The wider the net you cast when searching for financing, the better. It only makes sense to look beyond your local bank or mortgage company, and one place you may not have thought about is your friendly neighborhood credit union.
Credit unions are no longer the tiny cooperatives they were a generation ago. Back then, an auto loan was about the best you could hope for from one of these petite financial institutions. After all, they had fairly tight membership rules and, therefore, very limited assets from which to lend.
Now they are much larger -- the military credit unions like Navy Federal and Pentagon Federal are multibillion-dollar institutions -- and much easier to join. And not only do they offer mortgages, but they also are beginning to tap the capital markets for extra money to lend.
Today's credit unions have grown to resemble the savings and loans of yesteryear (without the crisis). And just as the old "thrifts" specialized in home loans, many credit unions do so now. Their bread-and-butter is still car loans, but mortgages also are a big part of their portfolios.
For instance, Pentagon Federal Credit Union, based in Alexandria, Virginia, reported originating $1.7 billion in first and second mortgages during the first five months of 2015. Annualized, that would come to more than $4 billion of mortgages this year alone.
Fellow military-centric credit union Navy Federal is even bigger. Open to all Department of Defense personnel, the Vienna, Virginia-based institution specializes in mortgages as well. The biggest credit union in the world, Navy Fed says it made more than $1 billion in mortgages just in March.
Credit unions made more than 8 percent of all mortgages last year, according to data from Callahan and Associates in Washington, D.C. That's a huge jump in share from the days of your father's credit union.
And they held almost $300 billion in first mortgages as of March 31, according to their federal regulator, the National Credit Union Administration. They also held $72 billion in other real estate loans, mainly second mortgages or home equity loans.
All of these are big numbers. Better yet, membership requirements have been significantly loosened.
Take the Dearborn Federal Credit Union in Michigan, which began life as a co-op for employees and family members of Ford Motor Co. It was started by seven Ford engineers back in 1950. Each of the engineers supposedly forked over five bucks to capitalize the business.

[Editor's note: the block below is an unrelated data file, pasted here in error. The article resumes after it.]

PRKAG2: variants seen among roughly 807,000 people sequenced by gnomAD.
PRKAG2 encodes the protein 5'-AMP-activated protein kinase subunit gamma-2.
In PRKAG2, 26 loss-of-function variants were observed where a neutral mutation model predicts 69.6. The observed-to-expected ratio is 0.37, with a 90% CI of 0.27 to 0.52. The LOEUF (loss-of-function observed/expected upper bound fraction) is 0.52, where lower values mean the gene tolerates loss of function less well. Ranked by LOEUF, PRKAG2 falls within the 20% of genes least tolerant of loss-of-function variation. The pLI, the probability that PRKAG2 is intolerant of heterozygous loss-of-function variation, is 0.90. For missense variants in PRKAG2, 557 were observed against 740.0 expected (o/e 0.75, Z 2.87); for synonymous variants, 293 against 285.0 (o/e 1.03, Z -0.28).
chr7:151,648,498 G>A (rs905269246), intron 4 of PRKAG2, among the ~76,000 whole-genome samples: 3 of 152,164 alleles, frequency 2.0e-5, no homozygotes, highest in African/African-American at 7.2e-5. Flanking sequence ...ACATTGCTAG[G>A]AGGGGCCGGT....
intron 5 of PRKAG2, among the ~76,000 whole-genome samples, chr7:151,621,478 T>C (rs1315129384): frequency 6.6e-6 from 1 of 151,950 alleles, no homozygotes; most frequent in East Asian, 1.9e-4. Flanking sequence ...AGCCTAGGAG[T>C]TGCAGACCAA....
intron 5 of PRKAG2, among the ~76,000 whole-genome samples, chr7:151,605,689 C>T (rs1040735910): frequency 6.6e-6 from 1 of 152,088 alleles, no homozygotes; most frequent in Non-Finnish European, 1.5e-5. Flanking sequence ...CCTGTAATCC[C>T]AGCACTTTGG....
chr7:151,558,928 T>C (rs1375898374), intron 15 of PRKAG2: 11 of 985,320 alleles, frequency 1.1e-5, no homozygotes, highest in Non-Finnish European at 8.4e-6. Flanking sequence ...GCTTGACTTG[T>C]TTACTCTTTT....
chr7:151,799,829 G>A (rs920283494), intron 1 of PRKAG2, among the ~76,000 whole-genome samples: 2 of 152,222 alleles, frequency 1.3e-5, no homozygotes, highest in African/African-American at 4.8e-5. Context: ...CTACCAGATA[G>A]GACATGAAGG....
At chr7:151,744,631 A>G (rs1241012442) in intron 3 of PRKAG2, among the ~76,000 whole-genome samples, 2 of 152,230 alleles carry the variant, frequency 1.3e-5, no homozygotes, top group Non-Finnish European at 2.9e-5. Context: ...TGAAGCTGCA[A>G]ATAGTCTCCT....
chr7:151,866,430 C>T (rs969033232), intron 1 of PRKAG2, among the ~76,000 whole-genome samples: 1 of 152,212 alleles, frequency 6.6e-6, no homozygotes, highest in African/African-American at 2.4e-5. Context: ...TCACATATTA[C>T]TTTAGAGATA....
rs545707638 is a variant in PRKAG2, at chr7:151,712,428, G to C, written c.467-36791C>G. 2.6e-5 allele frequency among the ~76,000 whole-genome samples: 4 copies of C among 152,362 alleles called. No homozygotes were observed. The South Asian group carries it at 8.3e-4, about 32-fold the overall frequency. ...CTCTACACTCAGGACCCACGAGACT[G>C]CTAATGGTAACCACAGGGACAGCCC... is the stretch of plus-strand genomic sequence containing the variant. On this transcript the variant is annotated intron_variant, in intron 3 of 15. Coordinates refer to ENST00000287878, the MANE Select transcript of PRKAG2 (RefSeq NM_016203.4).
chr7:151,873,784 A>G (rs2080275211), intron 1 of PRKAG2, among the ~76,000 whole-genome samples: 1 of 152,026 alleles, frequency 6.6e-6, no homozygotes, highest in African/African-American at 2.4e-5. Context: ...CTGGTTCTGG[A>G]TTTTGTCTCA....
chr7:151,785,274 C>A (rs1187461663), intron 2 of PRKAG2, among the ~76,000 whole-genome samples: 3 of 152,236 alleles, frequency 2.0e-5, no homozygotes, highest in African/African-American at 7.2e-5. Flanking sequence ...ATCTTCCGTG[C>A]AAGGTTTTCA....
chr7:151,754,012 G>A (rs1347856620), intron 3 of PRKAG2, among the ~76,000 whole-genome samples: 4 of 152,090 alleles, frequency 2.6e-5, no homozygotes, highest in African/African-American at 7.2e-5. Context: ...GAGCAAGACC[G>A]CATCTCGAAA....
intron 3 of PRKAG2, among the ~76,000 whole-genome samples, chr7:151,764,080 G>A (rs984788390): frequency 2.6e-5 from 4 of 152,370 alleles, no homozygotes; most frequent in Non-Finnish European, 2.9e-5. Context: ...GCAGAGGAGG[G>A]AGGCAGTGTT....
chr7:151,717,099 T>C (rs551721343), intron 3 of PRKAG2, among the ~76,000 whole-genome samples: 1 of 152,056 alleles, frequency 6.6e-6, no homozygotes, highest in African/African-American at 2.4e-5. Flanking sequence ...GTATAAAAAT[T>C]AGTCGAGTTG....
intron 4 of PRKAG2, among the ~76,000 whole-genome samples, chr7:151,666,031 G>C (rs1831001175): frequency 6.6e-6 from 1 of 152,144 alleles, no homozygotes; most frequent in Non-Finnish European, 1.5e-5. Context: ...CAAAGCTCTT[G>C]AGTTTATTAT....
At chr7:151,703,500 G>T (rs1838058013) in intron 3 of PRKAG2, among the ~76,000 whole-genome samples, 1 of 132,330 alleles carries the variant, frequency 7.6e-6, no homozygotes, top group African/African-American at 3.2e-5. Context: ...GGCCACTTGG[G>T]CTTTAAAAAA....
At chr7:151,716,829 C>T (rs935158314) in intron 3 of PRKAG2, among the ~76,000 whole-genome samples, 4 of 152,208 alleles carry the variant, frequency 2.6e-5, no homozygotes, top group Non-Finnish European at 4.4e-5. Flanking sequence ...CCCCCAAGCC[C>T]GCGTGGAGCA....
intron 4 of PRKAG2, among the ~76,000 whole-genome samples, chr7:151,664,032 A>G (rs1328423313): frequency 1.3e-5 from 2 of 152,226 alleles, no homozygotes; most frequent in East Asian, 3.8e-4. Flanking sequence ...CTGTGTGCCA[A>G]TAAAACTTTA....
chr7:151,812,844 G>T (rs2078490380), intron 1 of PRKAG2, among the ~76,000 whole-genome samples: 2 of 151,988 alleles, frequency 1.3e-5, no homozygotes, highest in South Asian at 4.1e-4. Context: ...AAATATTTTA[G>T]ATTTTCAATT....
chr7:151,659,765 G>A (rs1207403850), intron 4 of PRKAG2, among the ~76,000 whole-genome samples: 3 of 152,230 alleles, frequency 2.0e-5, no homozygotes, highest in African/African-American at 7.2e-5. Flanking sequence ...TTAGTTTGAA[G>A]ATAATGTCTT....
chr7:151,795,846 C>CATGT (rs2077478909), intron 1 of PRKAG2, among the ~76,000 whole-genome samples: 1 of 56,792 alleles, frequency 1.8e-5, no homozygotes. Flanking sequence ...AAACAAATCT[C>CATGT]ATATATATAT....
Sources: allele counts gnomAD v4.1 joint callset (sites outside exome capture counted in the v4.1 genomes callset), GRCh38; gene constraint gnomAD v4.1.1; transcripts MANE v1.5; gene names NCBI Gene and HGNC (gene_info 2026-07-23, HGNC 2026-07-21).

Now, DFCU has 200,000 members and more than $3.5 billion in assets. And you no longer have to work for Ford to belong. The credit union says: "People who reside, work, worship or are enrolled in post-high-school educational facilities in the 68 counties of the lower peninsula of Michigan are eligible to join."
Even that field of membership is flexible. According to the website, "Everyone is welcome, so if you don't qualify under one of these options, please call to learn about other ways you may join."
With its historical connection to Ford, you'd think auto lending would be DFCU's specialty, and you'd be right. But it is a big mortgage lender, too. It had $1.1 billion in mortgage collection rights at the end of 2014 and reported that its mortgage applications doubled last year.
Got 10 bucks? South Metro Federal Credit Union in Prior Lake, Minnestota, associated with the Shakopee Mdewakanton Sioux community, is open to any tribal member and anyone related to a member. But if you don't belong to that group, don't worry: A $10 donation will get you admitted.
One sign that credit unions are getting serious about mortgage lending is they are starting to participate in secondary mortgage transactions in order to secure more money to lend. For the uninitiated: A primary transaction is when a financial institution makes you a mortgage. In a secondary transaction, your lender sells your note to another financial institution for cash, often selling the right to collect your payments, as well.
A typical secondary-market transaction would be your lender selling your loan to one of the government mortgage agencies like Fannie Mae, Freddie Mac or Ginnie Mae. That way, the lender doesn't have to wait 30 years to get its money back. And as soon as your lender gets the money for your loan, it can relend those funds to other borrowers.
One way to measure credit union activity in the secondary market is to look at who attends the Mortgage Bankers Association's annual secondary mortgage market conference. This year, a record 20 credit union executives attended.
And they showed a variety of approaches. Take the Alaska USA Federal Credit Union of Anchorage, which invests in mortgage-backed securities issued by Ginnie Mae. This year, it is projecting $1.1 billion in mortgages and holds the collection rights to $5 billion in home loans.
Self-Help Credit Union of Durham, North Carolina has used secondary marketing to fund mortgages for low- to moderate-income and minority borrowers in partnership with Fannie Mae and the Ford Foundation. Over the last 10 years, it has made $4 billion worth of home loans.
To paraphrase that famous pundit, former Illinois Sen. Everett Dirksen: A billion here, a billion there, and pretty soon it adds up to real mortgage money.
(Freelance writer Mark Fogarty contributed to this report.)